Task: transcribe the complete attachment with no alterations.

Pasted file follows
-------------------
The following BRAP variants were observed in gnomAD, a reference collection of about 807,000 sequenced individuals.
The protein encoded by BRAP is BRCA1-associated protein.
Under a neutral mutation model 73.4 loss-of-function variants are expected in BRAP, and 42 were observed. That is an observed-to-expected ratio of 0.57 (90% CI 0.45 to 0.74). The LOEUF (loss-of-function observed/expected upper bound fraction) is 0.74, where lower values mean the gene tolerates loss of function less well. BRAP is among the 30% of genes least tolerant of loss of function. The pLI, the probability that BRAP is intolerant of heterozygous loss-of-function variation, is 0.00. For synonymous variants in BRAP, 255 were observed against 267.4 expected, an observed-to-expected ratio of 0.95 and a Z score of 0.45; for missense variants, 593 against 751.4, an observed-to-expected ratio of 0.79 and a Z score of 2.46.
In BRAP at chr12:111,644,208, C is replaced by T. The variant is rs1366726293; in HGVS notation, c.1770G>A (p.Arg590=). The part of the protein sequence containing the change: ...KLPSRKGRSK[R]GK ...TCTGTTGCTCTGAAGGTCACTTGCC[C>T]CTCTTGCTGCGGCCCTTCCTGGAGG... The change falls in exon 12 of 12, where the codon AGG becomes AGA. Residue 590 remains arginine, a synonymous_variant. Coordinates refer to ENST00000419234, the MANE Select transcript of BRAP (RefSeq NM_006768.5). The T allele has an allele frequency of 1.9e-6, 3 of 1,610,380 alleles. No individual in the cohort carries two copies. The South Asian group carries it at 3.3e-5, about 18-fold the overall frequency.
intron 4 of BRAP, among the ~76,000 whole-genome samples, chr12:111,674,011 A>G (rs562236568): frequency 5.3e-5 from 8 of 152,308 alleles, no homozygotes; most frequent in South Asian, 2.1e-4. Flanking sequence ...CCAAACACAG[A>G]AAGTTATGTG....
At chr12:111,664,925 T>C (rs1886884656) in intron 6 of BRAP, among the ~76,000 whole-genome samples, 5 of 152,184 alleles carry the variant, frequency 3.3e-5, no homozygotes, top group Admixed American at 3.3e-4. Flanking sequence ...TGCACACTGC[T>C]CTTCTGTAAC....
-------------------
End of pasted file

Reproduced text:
The following BRAP variants were observed in gnomAD, a reference collection of about 807,000 sequenced individuals.
The protein encoded by BRAP is BRCA1-associated protein.
Under a neutral mutation model 73.4 loss-of-function variants are expected in BRAP, and 42 were observed. That is an observed-to-expected ratio of 0.57 (90% CI 0.45 to 0.74). The LOEUF (loss-of-function observed/expected upper bound fraction) is 0.74, where lower values mean the gene tolerates loss of function less well. BRAP is among the 30% of genes least tolerant of loss of function. The pLI, the probability that BRAP is intolerant of heterozygous loss-of-function variation, is 0.00. For synonymous variants in BRAP, 255 were observed against 267.4 expected, an observed-to-expected ratio of 0.95 and a Z score of 0.45; for missense variants, 593 against 751.4, an observed-to-expected ratio of 0.79 and a Z score of 2.46.
In BRAP at chr12:111,644,208, C is replaced by T. The variant is rs1366726293; in HGVS notation, c.1770G>A (p.Arg590=). The part of the protein sequence containing the change: ...KLPSRKGRSK[R]GK ...TCTGTTGCTCTGAAGGTCACTTGCC[C>T]CTCTTGCTGCGGCCCTTCCTGGAGG... The change falls in exon 12 of 12, where the codon AGG becomes AGA. Residue 590 remains arginine, a synonymous_variant. Coordinates refer to ENST00000419234, the MANE Select transcript of BRAP (RefSeq NM_006768.5). The T allele has an allele frequency of 1.9e-6, 3 of 1,610,380 alleles. No individual in the cohort carries two copies. The South Asian group carries it at 3.3e-5, about 18-fold the overall frequency.
intron 4 of BRAP, among the ~76,000 whole-genome samples, chr12:111,674,011 A>G (rs562236568): frequency 5.3e-5 from 8 of 152,308 alleles, no homozygotes; most frequent in South Asian, 2.1e-4. Flanking sequence ...CCAAACACAG[A>G]AAGTTATGTG....
At chr12:111,664,925 T>C (rs1886884656) in intron 6 of BRAP, among the ~76,000 whole-genome samples, 5 of 152,184 alleles carry the variant, frequency 3.3e-5, no homozygotes, top group Admixed American at 3.3e-4. Flanking sequence ...TGCACACTGC[T>C]CTTCTGTAAC....